Mike Costello: Golovkin-Jacobs evokes Leonard-Hagler memories
The recent world middleweight title fight between Gennady Golovkin and Daniel Jacobs was the latest example of a major showdown ending in controversy over the scoring. But will we still be arguing the toss in three decades' time?
Next week marks the 30th anniversary of 'The Super Fight', when Sugar Ray Leonard outpointed Marvin Hagler at Caesars Palace in Las Vegas to win the WBC middleweight crown that still belongs to Golovkin courtesy of his points win.
The headline in the American magazine Sports Illustrated read "SHOCKER" and in all my time involved in boxing in various guises, no fight of such magnitude has created such debate for so long.
In a classic confrontation between aggressor (Hagler) and counter-puncher (Leonard), front-foot prowler versus back-foot stealer, Leonard was awarded a split decision win in a monumental upset that sent Hagler into retirement in his early 30s.
Back then, big fights in Vegas were staged on Monday nights, with high rollers invited to spend (and spend!) all weekend at the gaming tables before heading to the converted car park on fight night.
Here in the UK, satellite TV had yet to arrive in homes and I watched the contest in the early hours of Tuesday morning on a closed-circuit screening at the Royal Festival Hall on London's South Bank. From my plush and plump-cushioned seat, I made Leonard the winner by eight rounds to four.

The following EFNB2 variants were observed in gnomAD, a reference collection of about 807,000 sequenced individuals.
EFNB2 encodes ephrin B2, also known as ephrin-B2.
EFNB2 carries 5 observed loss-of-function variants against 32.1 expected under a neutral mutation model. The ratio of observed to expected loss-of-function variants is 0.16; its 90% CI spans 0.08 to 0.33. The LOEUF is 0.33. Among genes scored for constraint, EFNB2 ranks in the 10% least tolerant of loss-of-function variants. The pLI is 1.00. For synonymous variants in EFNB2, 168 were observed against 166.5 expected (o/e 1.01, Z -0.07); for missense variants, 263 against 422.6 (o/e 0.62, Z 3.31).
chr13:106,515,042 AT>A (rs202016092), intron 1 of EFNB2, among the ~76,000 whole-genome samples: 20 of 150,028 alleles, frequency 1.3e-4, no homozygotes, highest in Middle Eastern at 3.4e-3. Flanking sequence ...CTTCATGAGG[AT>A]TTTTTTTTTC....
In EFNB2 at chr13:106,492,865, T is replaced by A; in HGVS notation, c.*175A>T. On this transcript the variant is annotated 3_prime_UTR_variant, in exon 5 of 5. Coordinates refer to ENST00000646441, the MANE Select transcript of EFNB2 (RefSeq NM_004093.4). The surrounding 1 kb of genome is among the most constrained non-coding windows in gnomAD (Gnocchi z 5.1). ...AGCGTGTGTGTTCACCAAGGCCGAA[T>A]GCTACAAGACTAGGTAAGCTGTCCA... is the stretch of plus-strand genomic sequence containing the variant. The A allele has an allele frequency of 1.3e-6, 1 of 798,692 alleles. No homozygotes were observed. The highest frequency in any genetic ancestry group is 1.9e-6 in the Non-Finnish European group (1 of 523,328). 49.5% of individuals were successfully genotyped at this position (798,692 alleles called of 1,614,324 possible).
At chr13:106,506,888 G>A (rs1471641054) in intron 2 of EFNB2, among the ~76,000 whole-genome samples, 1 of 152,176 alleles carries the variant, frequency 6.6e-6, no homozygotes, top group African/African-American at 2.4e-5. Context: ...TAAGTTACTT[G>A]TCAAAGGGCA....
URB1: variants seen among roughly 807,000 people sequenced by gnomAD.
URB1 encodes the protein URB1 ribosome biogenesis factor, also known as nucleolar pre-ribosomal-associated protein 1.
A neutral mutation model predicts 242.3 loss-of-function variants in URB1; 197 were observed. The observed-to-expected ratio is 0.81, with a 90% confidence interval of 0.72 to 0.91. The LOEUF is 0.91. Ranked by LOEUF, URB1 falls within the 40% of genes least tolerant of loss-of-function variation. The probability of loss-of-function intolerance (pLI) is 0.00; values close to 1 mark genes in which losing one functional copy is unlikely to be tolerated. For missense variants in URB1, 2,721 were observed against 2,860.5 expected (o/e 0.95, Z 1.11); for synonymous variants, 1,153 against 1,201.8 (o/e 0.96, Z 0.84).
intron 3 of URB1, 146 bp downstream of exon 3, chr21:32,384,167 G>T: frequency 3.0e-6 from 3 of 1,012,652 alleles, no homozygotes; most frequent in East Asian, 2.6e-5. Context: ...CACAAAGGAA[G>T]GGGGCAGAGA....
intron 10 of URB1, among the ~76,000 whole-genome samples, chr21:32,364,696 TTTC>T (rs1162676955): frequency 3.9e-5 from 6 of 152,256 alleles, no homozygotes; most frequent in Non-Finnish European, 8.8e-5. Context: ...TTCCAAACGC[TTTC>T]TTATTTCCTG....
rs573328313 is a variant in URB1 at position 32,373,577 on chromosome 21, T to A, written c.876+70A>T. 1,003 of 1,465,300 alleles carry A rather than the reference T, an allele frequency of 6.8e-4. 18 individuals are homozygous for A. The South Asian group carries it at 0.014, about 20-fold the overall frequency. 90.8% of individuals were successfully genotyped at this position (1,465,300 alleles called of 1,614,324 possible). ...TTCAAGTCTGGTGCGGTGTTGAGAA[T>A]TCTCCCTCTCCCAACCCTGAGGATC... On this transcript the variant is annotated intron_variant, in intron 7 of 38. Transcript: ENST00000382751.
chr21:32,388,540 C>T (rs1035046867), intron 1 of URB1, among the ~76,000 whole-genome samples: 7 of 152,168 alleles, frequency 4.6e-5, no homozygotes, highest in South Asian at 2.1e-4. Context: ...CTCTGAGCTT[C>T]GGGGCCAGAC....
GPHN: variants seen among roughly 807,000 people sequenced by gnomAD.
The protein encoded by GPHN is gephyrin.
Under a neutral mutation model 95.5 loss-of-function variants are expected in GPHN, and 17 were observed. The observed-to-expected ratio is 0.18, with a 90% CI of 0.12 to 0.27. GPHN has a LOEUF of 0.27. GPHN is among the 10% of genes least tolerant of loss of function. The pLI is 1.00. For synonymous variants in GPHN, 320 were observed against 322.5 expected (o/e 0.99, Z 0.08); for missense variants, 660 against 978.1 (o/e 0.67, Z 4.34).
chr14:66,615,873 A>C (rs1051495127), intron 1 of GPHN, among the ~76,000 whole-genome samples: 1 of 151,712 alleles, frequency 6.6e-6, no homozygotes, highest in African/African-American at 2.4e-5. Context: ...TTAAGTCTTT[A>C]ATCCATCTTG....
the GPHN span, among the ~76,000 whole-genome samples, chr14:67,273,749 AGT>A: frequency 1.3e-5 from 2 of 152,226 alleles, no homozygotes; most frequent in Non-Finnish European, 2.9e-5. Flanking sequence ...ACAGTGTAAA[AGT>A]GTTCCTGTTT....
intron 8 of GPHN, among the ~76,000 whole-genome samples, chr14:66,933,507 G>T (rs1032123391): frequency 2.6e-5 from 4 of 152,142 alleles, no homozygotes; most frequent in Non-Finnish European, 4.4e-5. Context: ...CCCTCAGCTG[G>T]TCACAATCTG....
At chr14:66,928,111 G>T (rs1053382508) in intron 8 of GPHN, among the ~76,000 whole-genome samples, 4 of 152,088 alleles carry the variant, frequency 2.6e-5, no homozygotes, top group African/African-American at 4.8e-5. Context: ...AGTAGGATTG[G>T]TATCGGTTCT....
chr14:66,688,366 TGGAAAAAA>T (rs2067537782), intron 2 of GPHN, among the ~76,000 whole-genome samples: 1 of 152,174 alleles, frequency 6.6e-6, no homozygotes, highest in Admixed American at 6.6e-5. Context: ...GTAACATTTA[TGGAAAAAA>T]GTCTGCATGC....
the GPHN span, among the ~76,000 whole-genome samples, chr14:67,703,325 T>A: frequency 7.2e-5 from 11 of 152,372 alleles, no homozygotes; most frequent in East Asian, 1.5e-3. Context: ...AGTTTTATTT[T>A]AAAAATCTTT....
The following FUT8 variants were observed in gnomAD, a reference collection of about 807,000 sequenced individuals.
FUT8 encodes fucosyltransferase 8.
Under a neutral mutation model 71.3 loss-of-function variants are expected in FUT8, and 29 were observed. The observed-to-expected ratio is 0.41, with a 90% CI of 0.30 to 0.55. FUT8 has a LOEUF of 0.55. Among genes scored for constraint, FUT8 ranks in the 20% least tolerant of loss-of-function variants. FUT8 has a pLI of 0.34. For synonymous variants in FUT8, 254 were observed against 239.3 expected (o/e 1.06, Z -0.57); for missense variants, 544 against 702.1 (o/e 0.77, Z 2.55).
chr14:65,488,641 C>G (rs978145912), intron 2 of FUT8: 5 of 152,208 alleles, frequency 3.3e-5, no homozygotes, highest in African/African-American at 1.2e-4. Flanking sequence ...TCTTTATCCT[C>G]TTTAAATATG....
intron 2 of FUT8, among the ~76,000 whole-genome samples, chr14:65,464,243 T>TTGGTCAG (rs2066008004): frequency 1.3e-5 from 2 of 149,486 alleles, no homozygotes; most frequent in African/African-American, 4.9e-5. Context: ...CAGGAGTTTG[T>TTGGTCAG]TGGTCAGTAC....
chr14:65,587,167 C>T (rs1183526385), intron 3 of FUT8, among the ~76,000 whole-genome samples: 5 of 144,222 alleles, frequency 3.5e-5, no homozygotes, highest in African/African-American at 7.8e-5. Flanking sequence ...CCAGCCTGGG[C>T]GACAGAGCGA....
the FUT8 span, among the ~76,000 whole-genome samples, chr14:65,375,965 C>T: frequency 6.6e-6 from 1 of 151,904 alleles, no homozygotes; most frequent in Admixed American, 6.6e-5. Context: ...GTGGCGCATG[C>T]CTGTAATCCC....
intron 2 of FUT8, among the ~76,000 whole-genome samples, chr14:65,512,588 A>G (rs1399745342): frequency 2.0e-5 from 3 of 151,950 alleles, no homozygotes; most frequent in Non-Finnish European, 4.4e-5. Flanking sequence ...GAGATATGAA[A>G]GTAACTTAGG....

But were those of us who sided with Leonard - including two of the ringside judges - guilty of succumbing to what the great sportswriter Hugh McIlvanney labelled the "Illusion of victory"?
Hagler was making the 13th defence of the world middleweight crown he had wrested from Britain's Alan Minter at Wembley Arena in 1980. Leonard had been absent from the ring for three years and had fought only once in more than five years for various reasons, among them surgery on detached retinas.
Rarely had he boxed above welterweight and yet he was prepared to move up to the middleweight limit, a stone heavier, without a warm-up fight to take on one of the greatest 160-pounders of all time. An act of hubris or lunacy?
McIlvanney wrote in The Observer newspaper about the Budd Schulberg factor, put forward by the Oscar-winning screenplay genius, whereby those of us in thrall to Leonard were "so amazed to find Sugar Ray capable of much more than they imagined that they persuaded themselves he was doing far more than he actually was".
There were many keys to Leonard's success but two factors stand out.
His trainer Angelo Dundee, who was in Muhammad Ali's corner almost from start to finish, wrote in his autobiography 'I only talk winning' that he had noticed how Hagler needed two steps to get into position for his most telling punches. Leonard's quickness of mind and foot was programmed to exploit.
Also, the WBA had stripped Hagler of their version of the world middleweight title when he refused to defend against Britain's Herol Graham. Only the WBC belt was at stake - and the WBC had reduced their championship fights from 15 rounds to 12 in the wake of the tragic death of the South Korean Duk-Koo Kim in a fight against Ray Mancini in 1982.